Californians are about to endure more than a month of urgent and sincere-sounding half-truths, white lies and full-bodied deceptions.


Tuesday a radio ad campaign began, urging Californians to vote May 19 in favor of a half dozen new laws to raise their taxes, shift around taxes they already pay, divert gambling proceeds to make up for a deficit lawmakers and the governor created and, for good measure, to slap legislators on the wrist if they create such a problem again.


"Gov. Schwarzenegger's California Dream Team" political action committee kicked in $525,000 this week, and California teachers unions reportedly have committed millions more. By tracing the approximate $6 million raised, voters can get an unfiltered view of who stands to gain. For the most part that's politicians and public employees.


The campaign will claim the infirm, impoverished and undereducated are the real beneficiaries of Propositions 1A, 1B, 1C, 1D, 1E and 1F.


Those are half-truths and white lies. What advocates don't say is that if the propositions fail, the sick, poor and school children still can be served if those serving them will work for less pay and fewer benefits. But that tack is abhorrent to government, even as it's increasingly practiced in the private sector.


Unlike regular folks who learn to get by with less and even to do more with less, government's servants insist on being fed ever-greater proportions of tax dollars to do the same job.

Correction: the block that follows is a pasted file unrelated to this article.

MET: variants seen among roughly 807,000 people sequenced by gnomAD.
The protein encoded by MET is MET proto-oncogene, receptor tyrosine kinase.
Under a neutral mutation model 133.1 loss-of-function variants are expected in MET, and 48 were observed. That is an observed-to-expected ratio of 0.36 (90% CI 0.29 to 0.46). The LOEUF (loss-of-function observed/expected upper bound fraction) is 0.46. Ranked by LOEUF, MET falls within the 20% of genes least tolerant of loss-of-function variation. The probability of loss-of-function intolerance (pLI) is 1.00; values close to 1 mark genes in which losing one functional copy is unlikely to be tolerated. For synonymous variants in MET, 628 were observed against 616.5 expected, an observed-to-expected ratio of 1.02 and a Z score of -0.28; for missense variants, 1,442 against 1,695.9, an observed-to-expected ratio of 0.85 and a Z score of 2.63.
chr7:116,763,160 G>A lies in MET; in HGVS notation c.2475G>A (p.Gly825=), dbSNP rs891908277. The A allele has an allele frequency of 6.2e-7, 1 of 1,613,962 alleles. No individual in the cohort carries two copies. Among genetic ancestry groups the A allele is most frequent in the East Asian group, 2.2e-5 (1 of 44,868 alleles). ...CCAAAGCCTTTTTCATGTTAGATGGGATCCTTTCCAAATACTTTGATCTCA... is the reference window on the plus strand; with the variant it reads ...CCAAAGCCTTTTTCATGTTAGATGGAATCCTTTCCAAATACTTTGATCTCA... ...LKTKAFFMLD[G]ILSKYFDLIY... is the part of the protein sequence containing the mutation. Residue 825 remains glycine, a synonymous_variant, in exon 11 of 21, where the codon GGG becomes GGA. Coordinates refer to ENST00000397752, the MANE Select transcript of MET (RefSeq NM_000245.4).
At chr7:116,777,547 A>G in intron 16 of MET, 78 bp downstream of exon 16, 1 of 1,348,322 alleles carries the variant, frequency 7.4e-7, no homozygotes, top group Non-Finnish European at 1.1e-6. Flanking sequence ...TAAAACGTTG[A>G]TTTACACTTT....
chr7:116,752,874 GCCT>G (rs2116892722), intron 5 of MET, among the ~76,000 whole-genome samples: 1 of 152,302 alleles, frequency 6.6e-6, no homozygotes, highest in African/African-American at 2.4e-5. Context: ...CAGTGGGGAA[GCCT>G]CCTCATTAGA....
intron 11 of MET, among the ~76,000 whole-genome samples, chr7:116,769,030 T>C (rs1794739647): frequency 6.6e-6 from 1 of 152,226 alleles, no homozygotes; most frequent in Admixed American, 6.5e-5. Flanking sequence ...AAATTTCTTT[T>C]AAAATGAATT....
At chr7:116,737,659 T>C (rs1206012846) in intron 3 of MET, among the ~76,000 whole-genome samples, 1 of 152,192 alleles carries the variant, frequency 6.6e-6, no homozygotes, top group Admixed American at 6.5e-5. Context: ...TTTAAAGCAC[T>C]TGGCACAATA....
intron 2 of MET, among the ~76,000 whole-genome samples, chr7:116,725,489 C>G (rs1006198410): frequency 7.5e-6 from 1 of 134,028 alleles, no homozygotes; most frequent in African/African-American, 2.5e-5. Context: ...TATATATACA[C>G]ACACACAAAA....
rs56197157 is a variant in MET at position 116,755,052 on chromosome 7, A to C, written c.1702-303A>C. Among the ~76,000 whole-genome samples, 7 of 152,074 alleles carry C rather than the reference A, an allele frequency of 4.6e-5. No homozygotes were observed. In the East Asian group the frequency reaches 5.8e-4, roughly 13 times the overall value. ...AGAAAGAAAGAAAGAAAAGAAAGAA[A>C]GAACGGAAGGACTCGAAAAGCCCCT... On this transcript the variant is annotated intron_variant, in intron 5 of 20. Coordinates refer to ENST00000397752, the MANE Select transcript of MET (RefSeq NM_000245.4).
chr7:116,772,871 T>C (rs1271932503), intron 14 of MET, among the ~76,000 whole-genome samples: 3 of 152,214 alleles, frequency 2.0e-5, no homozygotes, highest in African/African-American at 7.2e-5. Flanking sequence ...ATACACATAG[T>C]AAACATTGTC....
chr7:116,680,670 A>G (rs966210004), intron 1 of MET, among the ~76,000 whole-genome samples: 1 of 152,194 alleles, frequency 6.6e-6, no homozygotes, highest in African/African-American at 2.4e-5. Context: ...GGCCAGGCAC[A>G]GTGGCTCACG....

That's why "budget cuts" in Sacramento almost always only mean less of an increase than was demanded. That's why the state budget faces another multibillion dollar deficit in the coming fiscal year.


Prop. 1A would add another $16 billion in income, sales and car taxes, while Prop. 1B guarantees unionized teachers $9.3 billion of the booty. Props. 1E and 1D would shift taxes voters previously designated for health care and childrens services to fill the deficit instead, while 1C would expand, then borrow against state lottery proceeds. And Prop. 1F promises to refuse legislators pay raises if they don't approve balanced budgets.


In fact, what these propositions would accomplish would be to keep legislators and the governor on their same road to perdition, rather than live within their means like most Californians.